The paper presents an analytical and experimental investigation aimed at eliciting the thermal characteristics of air lubricated compliant foil bearings. A Couette approximation to the energy equation is used in conjunction with the compressible Reynolds equation to obtain a theoretical temperature distribution in the air used as a lubricant. The effect of temperature on the thermal properties of the working fluid is included. In parallel, an experimental program was run on a 100 mm diameter foil bearing operating at speeds up. to 30000 rpm employing cooling air across the bearing. The temperature rise of the cooling air provided an indication of the amount of heat energy conducted across the top foil of the bearing from the hydrodvnamic film. The temperatures resulted from some tests are compared with the temperatures predicted by the analysis, and maximum over-prediction of about 19 percent was obtained. This simplified approach provides us with reasonably predicted temperatures. By comparing the theoretical heat dissipation obtained from the analytical predicted temperatures with the amount of heat carried away by the cooling air it was possible to arrive at the relative quantities of heat transferred from the bearing by convection via side leakage and by conduction via the top foil. From these comparisons it was deduced that about an average of 80 percent of the heat energy is carried away by conduction. The transient temperatures of the foil bearing in conducted tests for various speeds and loads are also presented.
On The Application Of Powder Shear Damping To A Structural Element
Swanson, E.E., Xu, D.S., Russell, T.E., Walton, J.F. II, Heshmat, H., 2000
ASME Paper 2000-GT-0365.
With the increasing demands placed on modern gas turbine components, improvements in high temperature compatible damping technology are required. The areas of application include turbine airfoils, struts, guide vanes, exhaust ducts, and similar components. The need for improved damping elements is especially acute for integrally bladed disks (“”blisks””). Constrained powder shear dampers, using thin pockets of high temperature compatible powders meets these needs. With damping performance comparable to current visco-elastic elements, shear powder damping elements add the capability of high temperature operation, compatibility with blade heat treatments, good high frequency damping characteristics, and minimal degradation predicted for high centrifugal loads. Building on previous fundamental work, this paper discusses a proof of concept application of powder shear damping to a thin beam. Both cantilever and free-free configurations are examined. Comparisons between experimental measurements of undamped, constrained layer visco-elastic damping, and powder shear damped beams are presented. FEA results for the cantilever configuration are also shown to correlate well with the experimental data.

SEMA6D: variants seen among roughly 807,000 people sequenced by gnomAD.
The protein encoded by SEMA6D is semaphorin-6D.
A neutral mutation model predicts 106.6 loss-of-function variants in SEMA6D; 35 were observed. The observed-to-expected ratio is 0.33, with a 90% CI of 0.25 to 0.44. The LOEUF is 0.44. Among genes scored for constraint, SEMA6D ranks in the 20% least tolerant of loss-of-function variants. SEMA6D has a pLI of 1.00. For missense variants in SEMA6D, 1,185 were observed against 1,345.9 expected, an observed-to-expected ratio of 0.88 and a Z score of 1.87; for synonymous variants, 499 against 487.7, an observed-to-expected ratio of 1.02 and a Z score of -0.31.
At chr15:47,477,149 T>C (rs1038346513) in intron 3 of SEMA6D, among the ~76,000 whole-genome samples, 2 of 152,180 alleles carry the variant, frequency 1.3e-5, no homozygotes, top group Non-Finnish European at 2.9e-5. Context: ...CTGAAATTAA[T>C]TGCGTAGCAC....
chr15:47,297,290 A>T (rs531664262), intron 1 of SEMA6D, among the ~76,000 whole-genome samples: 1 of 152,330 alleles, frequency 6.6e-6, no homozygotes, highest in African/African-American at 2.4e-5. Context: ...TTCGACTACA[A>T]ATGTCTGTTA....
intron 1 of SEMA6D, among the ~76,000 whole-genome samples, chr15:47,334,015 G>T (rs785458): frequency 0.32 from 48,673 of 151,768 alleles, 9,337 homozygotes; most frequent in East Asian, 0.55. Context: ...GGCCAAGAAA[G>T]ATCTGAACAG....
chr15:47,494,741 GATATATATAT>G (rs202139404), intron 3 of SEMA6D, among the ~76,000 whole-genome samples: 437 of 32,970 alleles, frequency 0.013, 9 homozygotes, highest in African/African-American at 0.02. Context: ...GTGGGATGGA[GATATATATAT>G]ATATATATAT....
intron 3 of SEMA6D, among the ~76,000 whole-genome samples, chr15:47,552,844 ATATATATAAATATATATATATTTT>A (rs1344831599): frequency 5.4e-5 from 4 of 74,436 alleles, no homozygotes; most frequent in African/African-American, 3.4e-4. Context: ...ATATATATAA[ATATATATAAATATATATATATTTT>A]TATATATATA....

Capabilities Of Large Foil Bearings
Swanson, E.E., Heshmat, H., 2000
ASME Paper 2000-GT-387.
An experimental program was conducted on a large compliant surface foil bearing to document its performance. This large single pad foil bearing is 100 mm in diameter, and was operated at speeds of up to 30,000 RPM. Operation at 22,000 RPM with a measured load of 4190 N was also demonstrated. During coastdown runs from 30,000 RPM, maximum amplitudes of shaft vibration did not exceed 7.6 μm while passing through the two rigid shaft modes of the system. Thermal performance of the bearing was also in accord with previously documented foil bearings. This testing also demonstrates the practicality of scaling smaller foil bearing designs to the large bearings required for larger turbomachinery. To enhance the practical application of the results, the test rig shaft was designed to simulate a small gas turbine engine rotor.
A Gas Turbine Engine Backup Bearing Operating Beyond 2.5 Million DN
Swanson, E.E., Walton, J.F. II, Heshmat, H., 2000
ASME Paper 2000-GT-622.